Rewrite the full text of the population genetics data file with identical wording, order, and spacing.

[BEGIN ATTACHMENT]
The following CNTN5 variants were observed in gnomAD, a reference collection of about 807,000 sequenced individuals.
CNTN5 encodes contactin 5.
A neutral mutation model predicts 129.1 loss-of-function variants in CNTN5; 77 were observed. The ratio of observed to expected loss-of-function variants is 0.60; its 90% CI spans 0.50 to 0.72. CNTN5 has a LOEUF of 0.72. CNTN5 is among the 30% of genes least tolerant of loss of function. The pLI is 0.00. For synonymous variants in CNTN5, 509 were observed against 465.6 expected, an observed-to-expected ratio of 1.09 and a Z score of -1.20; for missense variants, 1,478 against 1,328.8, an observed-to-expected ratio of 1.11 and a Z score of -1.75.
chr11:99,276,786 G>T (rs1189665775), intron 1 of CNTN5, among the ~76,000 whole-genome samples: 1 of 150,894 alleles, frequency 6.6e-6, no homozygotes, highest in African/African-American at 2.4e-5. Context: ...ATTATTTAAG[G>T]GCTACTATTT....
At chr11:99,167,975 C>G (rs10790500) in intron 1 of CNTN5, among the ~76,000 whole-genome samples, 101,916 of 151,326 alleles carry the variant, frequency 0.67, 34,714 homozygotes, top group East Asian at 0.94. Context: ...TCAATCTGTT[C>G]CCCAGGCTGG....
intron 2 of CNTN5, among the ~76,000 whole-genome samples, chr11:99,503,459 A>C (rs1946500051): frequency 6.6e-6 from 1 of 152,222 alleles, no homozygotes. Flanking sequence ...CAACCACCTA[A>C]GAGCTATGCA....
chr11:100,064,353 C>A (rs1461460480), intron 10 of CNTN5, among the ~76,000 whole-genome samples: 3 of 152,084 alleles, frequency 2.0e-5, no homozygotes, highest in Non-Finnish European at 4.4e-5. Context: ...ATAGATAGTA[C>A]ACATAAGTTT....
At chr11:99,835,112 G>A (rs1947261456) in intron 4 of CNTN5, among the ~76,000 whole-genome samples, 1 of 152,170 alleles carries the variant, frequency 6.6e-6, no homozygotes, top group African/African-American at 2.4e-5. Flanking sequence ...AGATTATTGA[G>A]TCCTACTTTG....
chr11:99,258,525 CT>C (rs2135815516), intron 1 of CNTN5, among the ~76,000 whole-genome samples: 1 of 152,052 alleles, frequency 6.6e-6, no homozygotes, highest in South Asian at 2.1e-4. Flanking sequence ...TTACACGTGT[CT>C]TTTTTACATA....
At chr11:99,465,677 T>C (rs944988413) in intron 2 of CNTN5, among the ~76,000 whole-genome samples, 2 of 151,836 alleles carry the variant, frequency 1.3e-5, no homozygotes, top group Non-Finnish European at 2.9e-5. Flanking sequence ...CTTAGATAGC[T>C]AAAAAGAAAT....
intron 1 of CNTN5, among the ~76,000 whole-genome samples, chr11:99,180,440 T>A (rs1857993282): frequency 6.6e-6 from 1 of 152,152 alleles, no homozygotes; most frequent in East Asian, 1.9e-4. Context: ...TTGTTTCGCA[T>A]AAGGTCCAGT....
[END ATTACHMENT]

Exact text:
The following CNTN5 variants were observed in gnomAD, a reference collection of about 807,000 sequenced individuals.
CNTN5 encodes contactin 5.
A neutral mutation model predicts 129.1 loss-of-function variants in CNTN5; 77 were observed. The ratio of observed to expected loss-of-function variants is 0.60; its 90% CI spans 0.50 to 0.72. CNTN5 has a LOEUF of 0.72. CNTN5 is among the 30% of genes least tolerant of loss of function. The pLI is 0.00. For synonymous variants in CNTN5, 509 were observed against 465.6 expected, an observed-to-expected ratio of 1.09 and a Z score of -1.20; for missense variants, 1,478 against 1,328.8, an observed-to-expected ratio of 1.11 and a Z score of -1.75.
chr11:99,276,786 G>T (rs1189665775), intron 1 of CNTN5, among the ~76,000 whole-genome samples: 1 of 150,894 alleles, frequency 6.6e-6, no homozygotes, highest in African/African-American at 2.4e-5. Context: ...ATTATTTAAG[G>T]GCTACTATTT....
At chr11:99,167,975 C>G (rs10790500) in intron 1 of CNTN5, among the ~76,000 whole-genome samples, 101,916 of 151,326 alleles carry the variant, frequency 0.67, 34,714 homozygotes, top group East Asian at 0.94. Context: ...TCAATCTGTT[C>G]CCCAGGCTGG....
intron 2 of CNTN5, among the ~76,000 whole-genome samples, chr11:99,503,459 A>C (rs1946500051): frequency 6.6e-6 from 1 of 152,222 alleles, no homozygotes. Flanking sequence ...CAACCACCTA[A>C]GAGCTATGCA....
chr11:100,064,353 C>A (rs1461460480), intron 10 of CNTN5, among the ~76,000 whole-genome samples: 3 of 152,084 alleles, frequency 2.0e-5, no homozygotes, highest in Non-Finnish European at 4.4e-5. Context: ...ATAGATAGTA[C>A]ACATAAGTTT....
At chr11:99,835,112 G>A (rs1947261456) in intron 4 of CNTN5, among the ~76,000 whole-genome samples, 1 of 152,170 alleles carries the variant, frequency 6.6e-6, no homozygotes, top group African/African-American at 2.4e-5. Flanking sequence ...AGATTATTGA[G>A]TCCTACTTTG....
chr11:99,258,525 CT>C (rs2135815516), intron 1 of CNTN5, among the ~76,000 whole-genome samples: 1 of 152,052 alleles, frequency 6.6e-6, no homozygotes, highest in South Asian at 2.1e-4. Flanking sequence ...TTACACGTGT[CT>C]TTTTTACATA....
At chr11:99,465,677 T>C (rs944988413) in intron 2 of CNTN5, among the ~76,000 whole-genome samples, 2 of 151,836 alleles carry the variant, frequency 1.3e-5, no homozygotes, top group Non-Finnish European at 2.9e-5. Flanking sequence ...CTTAGATAGC[T>C]AAAAAGAAAT....
intron 1 of CNTN5, among the ~76,000 whole-genome samples, chr11:99,180,440 T>A (rs1857993282): frequency 6.6e-6 from 1 of 152,152 alleles, no homozygotes; most frequent in East Asian, 1.9e-4. Context: ...TTGTTTCGCA[T>A]AAGGTCCAGT....